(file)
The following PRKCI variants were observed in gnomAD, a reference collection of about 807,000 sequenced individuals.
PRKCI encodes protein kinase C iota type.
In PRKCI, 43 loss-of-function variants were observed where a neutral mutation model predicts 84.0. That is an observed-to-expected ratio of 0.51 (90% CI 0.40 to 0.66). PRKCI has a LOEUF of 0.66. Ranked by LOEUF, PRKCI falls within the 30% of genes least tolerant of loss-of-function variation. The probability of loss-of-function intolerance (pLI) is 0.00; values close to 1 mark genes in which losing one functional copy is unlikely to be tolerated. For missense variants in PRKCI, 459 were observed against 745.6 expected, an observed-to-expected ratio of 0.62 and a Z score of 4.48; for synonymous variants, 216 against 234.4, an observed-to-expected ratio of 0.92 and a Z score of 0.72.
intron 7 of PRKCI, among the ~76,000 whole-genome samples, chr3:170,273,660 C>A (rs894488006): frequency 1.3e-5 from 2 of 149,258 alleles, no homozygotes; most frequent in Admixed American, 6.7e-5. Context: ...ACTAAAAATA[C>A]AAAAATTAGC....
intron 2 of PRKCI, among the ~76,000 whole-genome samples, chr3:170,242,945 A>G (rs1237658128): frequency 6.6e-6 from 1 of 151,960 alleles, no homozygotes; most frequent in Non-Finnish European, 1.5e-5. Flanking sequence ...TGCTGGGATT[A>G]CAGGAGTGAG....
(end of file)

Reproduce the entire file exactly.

The following PRKCI variants were observed in gnomAD, a reference collection of about 807,000 sequenced individuals.
PRKCI encodes protein kinase C iota type.
In PRKCI, 43 loss-of-function variants were observed where a neutral mutation model predicts 84.0. That is an observed-to-expected ratio of 0.51 (90% CI 0.40 to 0.66). PRKCI has a LOEUF of 0.66. Ranked by LOEUF, PRKCI falls within the 30% of genes least tolerant of loss-of-function variation. The probability of loss-of-function intolerance (pLI) is 0.00; values close to 1 mark genes in which losing one functional copy is unlikely to be tolerated. For missense variants in PRKCI, 459 were observed against 745.6 expected, an observed-to-expected ratio of 0.62 and a Z score of 4.48; for synonymous variants, 216 against 234.4, an observed-to-expected ratio of 0.92 and a Z score of 0.72.
intron 7 of PRKCI, among the ~76,000 whole-genome samples, chr3:170,273,660 C>A (rs894488006): frequency 1.3e-5 from 2 of 149,258 alleles, no homozygotes; most frequent in Admixed American, 6.7e-5. Context: ...ACTAAAAATA[C>A]AAAAATTAGC....
intron 2 of PRKCI, among the ~76,000 whole-genome samples, chr3:170,242,945 A>G (rs1237658128): frequency 6.6e-6 from 1 of 151,960 alleles, no homozygotes; most frequent in Non-Finnish European, 1.5e-5. Flanking sequence ...TGCTGGGATT[A>G]CAGGAGTGAG....